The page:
[Source: Howard Fischer, Tribune] — Arizona’s dire financial picture is not dulling plans by lawmakers to throw a party for the state’s 100th birthday. The state Senate refused Thursday to take back $2.5 million it had set aside last year for a centennial celebration. In fact, lawmakers even voted to ease the restrictions they had originally put on the funds. Sen. Ron Gould, R-Lake Havasu City, said his colleagues are ignoring fiscal reality. “We’re in a budget crisis,” he said, with the official deficit this year at $1.2 billion and estimates suggesting it could be $200 million more than that. And the financial picture looks even worse next year with a potential $2 billion gap between revenue and expenses.
“We don’t have money to spend on parties most Arizonans will not be able to attend,” Gould said. Lawmakers set aside $2.5 million two years ago for the Arizona Historical Advisory Commission to come up with plans for celebrating 100 years since the state was admitted to the union on Feb. 14, 1912. Supporters of the plan promised to raise $5 million in matching funds. That, however, has not happened. So SB1337 removes the requirement for the match. Sen. Barbara Leff, R-Paradise Valley, said this isn’t as though the Legislature is taking the money from some other program. She said the cash already has been set aside. [Note: To read the full article, click here.]
[Source: Office of Governor Janet Napolitano] — Governor Janet Napolitano today established the Arizona Centennial Commission (AZCC), by executive order, and charged it with planning a yearlong celebration of Arizona’s 100th birthday, culminating on February 14, 2012. AZCC will collaborate with the Arizona Historical Advisory Commission (AHAC) to create a greater awareness of the vibrant culture, heritage and beauty of the Grand Canyon State to residents and visitors. “This is a time like no other in Arizona’s history,” said Governor Napolitano. “The establishment of this Commission enables us to showcase the state’s growth and development from frontier beginnings to 21st century innovation.” AZCC will develop a master plan that contains five major components:
- Generating awareness and engagement by providing a sense of unity and pride among residents.
- Developing participation programs which include a robust yearlong calendar of activities to celebrate the Centennial.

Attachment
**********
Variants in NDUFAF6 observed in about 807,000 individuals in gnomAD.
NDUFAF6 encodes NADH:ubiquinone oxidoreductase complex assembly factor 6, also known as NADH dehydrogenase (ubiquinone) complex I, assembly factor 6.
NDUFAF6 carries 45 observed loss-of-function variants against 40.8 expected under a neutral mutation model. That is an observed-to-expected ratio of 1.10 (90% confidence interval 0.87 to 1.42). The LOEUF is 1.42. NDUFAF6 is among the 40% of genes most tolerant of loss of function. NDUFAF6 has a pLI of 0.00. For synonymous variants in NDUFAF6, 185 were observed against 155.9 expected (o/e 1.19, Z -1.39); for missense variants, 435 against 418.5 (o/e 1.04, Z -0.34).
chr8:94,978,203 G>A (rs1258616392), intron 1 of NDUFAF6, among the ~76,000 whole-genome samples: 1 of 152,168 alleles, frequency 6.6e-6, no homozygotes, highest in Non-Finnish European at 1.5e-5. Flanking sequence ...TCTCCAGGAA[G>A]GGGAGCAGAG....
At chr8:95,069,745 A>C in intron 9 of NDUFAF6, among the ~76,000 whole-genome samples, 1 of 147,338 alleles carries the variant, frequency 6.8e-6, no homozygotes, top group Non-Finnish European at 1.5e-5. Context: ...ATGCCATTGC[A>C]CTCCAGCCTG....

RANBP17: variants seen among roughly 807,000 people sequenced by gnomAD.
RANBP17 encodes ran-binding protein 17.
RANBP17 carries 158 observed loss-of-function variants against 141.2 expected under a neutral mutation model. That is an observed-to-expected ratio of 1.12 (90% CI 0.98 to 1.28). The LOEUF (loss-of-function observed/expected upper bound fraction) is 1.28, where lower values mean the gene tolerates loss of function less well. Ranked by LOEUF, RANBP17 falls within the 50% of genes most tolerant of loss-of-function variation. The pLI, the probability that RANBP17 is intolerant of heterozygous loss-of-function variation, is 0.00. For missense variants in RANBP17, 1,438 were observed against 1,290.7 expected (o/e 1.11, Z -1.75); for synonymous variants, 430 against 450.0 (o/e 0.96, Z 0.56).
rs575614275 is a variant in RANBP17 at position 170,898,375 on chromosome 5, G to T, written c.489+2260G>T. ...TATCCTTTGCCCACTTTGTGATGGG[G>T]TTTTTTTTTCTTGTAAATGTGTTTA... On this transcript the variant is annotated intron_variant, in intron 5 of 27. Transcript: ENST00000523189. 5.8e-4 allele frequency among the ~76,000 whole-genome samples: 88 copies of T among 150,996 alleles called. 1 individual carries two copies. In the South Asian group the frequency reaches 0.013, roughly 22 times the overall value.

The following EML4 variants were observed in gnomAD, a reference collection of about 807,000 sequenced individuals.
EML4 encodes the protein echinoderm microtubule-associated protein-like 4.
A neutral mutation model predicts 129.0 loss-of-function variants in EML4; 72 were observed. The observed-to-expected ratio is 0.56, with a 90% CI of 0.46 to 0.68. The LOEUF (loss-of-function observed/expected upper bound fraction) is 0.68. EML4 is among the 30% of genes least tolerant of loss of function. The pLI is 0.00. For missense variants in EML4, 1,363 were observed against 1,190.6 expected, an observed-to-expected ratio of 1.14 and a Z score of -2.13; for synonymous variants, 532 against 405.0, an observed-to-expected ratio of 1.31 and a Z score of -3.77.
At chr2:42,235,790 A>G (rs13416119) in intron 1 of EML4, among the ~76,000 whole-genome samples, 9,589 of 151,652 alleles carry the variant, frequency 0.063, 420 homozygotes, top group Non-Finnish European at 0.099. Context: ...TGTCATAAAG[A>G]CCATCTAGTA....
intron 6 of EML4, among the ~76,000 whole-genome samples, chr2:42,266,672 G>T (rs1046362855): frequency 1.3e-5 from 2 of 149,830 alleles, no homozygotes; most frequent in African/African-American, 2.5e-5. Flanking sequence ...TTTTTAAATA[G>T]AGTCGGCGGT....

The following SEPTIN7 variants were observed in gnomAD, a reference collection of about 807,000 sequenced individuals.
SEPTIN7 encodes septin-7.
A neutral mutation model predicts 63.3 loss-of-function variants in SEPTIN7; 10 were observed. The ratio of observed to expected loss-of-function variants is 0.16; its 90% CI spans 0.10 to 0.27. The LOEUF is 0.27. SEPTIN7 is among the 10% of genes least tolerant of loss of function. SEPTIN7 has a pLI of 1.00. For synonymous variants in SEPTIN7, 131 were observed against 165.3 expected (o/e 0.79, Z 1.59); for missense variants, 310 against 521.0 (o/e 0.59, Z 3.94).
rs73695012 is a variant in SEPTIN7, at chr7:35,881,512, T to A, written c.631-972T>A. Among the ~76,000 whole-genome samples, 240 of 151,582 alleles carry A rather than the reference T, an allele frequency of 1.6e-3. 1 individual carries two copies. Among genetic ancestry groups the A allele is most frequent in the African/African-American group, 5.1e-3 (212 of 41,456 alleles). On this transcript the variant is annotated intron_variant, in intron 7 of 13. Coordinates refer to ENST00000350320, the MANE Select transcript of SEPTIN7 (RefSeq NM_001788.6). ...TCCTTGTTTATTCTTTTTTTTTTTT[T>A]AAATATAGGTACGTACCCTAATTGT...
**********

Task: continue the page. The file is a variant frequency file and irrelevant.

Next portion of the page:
- Implementing educational programs that focus on the state’s past, present, and future.
- Collaborating with AHAC on legacy projects, such as working with communities to highlight their unique historical value.
- Establishing avenues for resources and funding to encourage and support planning at the state and local level for major events and activities.
The Commission will also consist of a cross-section of Arizona business leaders, elected officials and local community historians. Within the coming weeks, Governor Napolitano will be releasing the names of the commissioners.
[Source: Jack Gillum, Daily Star] — There may be time to save paradise before they put up a parking lot. A state representative is in talks with the new owners of Magic Carpet Golf on East Speedway to designate the mini-golf course’s larger-than-life statues in the Arizona Centennial Project, a state historic preservation effort. “It’s just so eccentric and unique,” said State Rep. Steve Farley, D-Tucson. He added that the oddball structures at the park may find a new home at Tucson’s Valley of the Moon. “It’s really important to save the soul of a place,” Farley said. Magic Carpet, at 6125 E. Speedway, is known for its skyline of towering monkey and T-Rex figures that complement a decrepit miniature-golf course. But the park’s former owner, Carol Koplin, sold the property Jan. 4 to the Chapman Automotive Group for $1.8 million because her uncle, who ran the park, died before Christmas. Chapman may use the property as an overflow lot for its nearby Mercedes dealership.